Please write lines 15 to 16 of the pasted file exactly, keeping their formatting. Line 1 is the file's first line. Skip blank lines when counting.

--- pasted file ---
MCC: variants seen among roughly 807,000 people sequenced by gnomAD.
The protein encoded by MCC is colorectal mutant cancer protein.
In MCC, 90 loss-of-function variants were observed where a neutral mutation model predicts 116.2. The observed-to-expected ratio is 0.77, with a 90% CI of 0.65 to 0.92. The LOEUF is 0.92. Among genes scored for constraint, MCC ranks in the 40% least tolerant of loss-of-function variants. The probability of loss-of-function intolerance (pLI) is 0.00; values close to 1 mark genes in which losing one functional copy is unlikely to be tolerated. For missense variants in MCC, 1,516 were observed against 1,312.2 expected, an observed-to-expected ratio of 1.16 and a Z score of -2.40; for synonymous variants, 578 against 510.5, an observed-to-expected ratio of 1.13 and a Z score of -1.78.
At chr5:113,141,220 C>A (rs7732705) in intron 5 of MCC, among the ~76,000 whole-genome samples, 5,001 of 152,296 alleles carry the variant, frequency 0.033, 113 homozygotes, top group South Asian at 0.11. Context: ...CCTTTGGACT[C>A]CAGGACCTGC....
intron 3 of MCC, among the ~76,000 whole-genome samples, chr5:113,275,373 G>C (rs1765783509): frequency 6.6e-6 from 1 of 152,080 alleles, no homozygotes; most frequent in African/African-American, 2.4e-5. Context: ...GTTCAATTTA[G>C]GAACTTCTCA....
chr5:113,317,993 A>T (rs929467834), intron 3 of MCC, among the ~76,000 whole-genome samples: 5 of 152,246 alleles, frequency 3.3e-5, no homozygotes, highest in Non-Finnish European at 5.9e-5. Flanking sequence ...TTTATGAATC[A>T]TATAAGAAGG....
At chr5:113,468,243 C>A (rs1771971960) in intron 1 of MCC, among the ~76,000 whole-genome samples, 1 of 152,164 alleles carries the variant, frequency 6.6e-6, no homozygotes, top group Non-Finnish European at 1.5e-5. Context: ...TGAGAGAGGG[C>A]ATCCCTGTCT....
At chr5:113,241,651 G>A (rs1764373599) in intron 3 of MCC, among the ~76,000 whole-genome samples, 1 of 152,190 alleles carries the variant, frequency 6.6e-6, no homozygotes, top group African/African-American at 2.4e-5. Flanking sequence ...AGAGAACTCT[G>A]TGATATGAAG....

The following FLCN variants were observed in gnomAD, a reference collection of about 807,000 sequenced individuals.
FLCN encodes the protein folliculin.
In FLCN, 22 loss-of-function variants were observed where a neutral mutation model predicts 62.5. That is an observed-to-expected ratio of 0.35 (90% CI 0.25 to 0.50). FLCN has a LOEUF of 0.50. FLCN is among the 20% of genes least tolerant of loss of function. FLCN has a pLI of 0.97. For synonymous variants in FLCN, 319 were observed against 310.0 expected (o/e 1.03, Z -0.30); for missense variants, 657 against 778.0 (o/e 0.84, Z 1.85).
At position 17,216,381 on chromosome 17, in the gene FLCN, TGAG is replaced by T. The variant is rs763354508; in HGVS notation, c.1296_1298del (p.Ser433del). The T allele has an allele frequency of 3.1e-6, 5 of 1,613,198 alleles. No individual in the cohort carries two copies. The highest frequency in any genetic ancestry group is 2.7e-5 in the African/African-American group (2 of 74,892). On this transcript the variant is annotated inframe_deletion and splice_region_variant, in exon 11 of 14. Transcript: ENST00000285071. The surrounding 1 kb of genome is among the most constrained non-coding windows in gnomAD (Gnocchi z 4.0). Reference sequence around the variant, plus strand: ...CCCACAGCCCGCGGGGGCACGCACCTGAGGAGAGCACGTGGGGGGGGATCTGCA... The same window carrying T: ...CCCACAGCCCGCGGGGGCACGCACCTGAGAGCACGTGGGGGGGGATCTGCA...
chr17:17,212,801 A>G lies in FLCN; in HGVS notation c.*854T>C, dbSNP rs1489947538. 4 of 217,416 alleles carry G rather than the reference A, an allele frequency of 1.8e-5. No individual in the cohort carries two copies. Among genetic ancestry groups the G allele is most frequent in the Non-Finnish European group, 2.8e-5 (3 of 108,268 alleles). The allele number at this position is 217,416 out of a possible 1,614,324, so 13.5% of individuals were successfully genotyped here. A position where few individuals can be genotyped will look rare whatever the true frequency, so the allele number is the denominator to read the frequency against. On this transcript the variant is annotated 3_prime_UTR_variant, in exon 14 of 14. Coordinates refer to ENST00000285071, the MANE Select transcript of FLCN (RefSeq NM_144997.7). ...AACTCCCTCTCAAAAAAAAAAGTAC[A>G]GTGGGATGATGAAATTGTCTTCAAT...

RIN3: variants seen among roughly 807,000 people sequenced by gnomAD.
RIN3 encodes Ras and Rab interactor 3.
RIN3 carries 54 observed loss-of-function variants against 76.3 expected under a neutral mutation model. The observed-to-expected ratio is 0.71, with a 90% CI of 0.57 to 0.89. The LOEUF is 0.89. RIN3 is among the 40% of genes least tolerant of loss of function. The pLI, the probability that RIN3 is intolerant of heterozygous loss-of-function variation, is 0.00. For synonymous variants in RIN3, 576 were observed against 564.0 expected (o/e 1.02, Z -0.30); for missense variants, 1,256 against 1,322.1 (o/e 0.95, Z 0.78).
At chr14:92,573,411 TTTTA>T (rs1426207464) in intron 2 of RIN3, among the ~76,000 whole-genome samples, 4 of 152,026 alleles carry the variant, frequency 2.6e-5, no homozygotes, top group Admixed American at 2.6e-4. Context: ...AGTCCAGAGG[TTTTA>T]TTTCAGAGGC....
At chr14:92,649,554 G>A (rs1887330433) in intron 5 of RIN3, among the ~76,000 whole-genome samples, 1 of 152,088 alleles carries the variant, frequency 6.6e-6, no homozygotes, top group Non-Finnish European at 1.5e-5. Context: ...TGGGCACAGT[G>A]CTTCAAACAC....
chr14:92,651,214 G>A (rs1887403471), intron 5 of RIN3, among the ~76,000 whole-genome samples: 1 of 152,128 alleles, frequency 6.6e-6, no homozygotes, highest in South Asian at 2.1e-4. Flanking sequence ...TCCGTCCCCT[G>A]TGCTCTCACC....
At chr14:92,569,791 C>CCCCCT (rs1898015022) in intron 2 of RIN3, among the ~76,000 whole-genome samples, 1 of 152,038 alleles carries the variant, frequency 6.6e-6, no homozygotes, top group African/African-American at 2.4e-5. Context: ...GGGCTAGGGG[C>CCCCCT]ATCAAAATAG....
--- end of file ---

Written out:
RIN3 encodes Ras and Rab interactor 3.
RIN3 carries 54 observed loss-of-function variants against 76.3 expected under a neutral mutation model. The observed-to-expected ratio is 0.71, with a 90% CI of 0.57 to 0.89. The LOEUF is 0.89. RIN3 is among the 40% of genes least tolerant of loss of function. The pLI, the probability that RIN3 is intolerant of heterozygous loss-of-function variation, is 0.00. For synonymous variants in RIN3, 576 were observed against 564.0 expected (o/e 1.02, Z -0.30); for missense variants, 1,256 against 1,322.1 (o/e 0.95, Z 0.78).